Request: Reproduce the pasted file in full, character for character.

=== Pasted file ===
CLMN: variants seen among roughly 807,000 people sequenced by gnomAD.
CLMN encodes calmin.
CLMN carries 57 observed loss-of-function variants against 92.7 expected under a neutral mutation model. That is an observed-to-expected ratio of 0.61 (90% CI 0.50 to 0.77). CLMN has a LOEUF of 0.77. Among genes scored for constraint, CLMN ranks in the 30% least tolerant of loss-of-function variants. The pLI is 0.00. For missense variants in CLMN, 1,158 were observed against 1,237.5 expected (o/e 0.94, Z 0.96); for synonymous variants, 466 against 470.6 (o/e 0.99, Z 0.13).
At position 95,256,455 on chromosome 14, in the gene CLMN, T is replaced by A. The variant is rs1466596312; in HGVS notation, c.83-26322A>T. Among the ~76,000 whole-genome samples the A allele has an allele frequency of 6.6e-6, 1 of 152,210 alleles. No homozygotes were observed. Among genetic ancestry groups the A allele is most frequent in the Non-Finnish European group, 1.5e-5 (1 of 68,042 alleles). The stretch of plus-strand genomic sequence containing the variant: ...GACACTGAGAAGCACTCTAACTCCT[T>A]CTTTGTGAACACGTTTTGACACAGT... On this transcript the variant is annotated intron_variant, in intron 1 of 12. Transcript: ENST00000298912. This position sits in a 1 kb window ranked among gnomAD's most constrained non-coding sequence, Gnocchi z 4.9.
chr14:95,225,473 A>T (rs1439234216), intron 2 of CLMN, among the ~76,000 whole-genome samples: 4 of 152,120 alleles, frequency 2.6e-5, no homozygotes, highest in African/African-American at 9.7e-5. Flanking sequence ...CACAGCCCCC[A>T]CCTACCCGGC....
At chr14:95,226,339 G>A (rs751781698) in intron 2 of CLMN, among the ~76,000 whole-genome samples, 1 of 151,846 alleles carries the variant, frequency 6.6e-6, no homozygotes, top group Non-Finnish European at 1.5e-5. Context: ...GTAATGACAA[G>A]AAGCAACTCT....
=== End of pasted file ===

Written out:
CLMN: variants seen among roughly 807,000 people sequenced by gnomAD.
CLMN encodes calmin.
CLMN carries 57 observed loss-of-function variants against 92.7 expected under a neutral mutation model. That is an observed-to-expected ratio of 0.61 (90% CI 0.50 to 0.77). CLMN has a LOEUF of 0.77. Among genes scored for constraint, CLMN ranks in the 30% least tolerant of loss-of-function variants. The pLI is 0.00. For missense variants in CLMN, 1,158 were observed against 1,237.5 expected (o/e 0.94, Z 0.96); for synonymous variants, 466 against 470.6 (o/e 0.99, Z 0.13).
At position 95,256,455 on chromosome 14, in the gene CLMN, T is replaced by A. The variant is rs1466596312; in HGVS notation, c.83-26322A>T. Among the ~76,000 whole-genome samples the A allele has an allele frequency of 6.6e-6, 1 of 152,210 alleles. No homozygotes were observed. Among genetic ancestry groups the A allele is most frequent in the Non-Finnish European group, 1.5e-5 (1 of 68,042 alleles). The stretch of plus-strand genomic sequence containing the variant: ...GACACTGAGAAGCACTCTAACTCCT[T>A]CTTTGTGAACACGTTTTGACACAGT... On this transcript the variant is annotated intron_variant, in intron 1 of 12. Transcript: ENST00000298912. This position sits in a 1 kb window ranked among gnomAD's most constrained non-coding sequence, Gnocchi z 4.9.
chr14:95,225,473 A>T (rs1439234216), intron 2 of CLMN, among the ~76,000 whole-genome samples: 4 of 152,120 alleles, frequency 2.6e-5, no homozygotes, highest in African/African-American at 9.7e-5. Flanking sequence ...CACAGCCCCC[A>T]CCTACCCGGC....
At chr14:95,226,339 G>A (rs751781698) in intron 2 of CLMN, among the ~76,000 whole-genome samples, 1 of 151,846 alleles carries the variant, frequency 6.6e-6, no homozygotes, top group Non-Finnish European at 1.5e-5. Context: ...GTAATGACAA[G>A]AAGCAACTCT....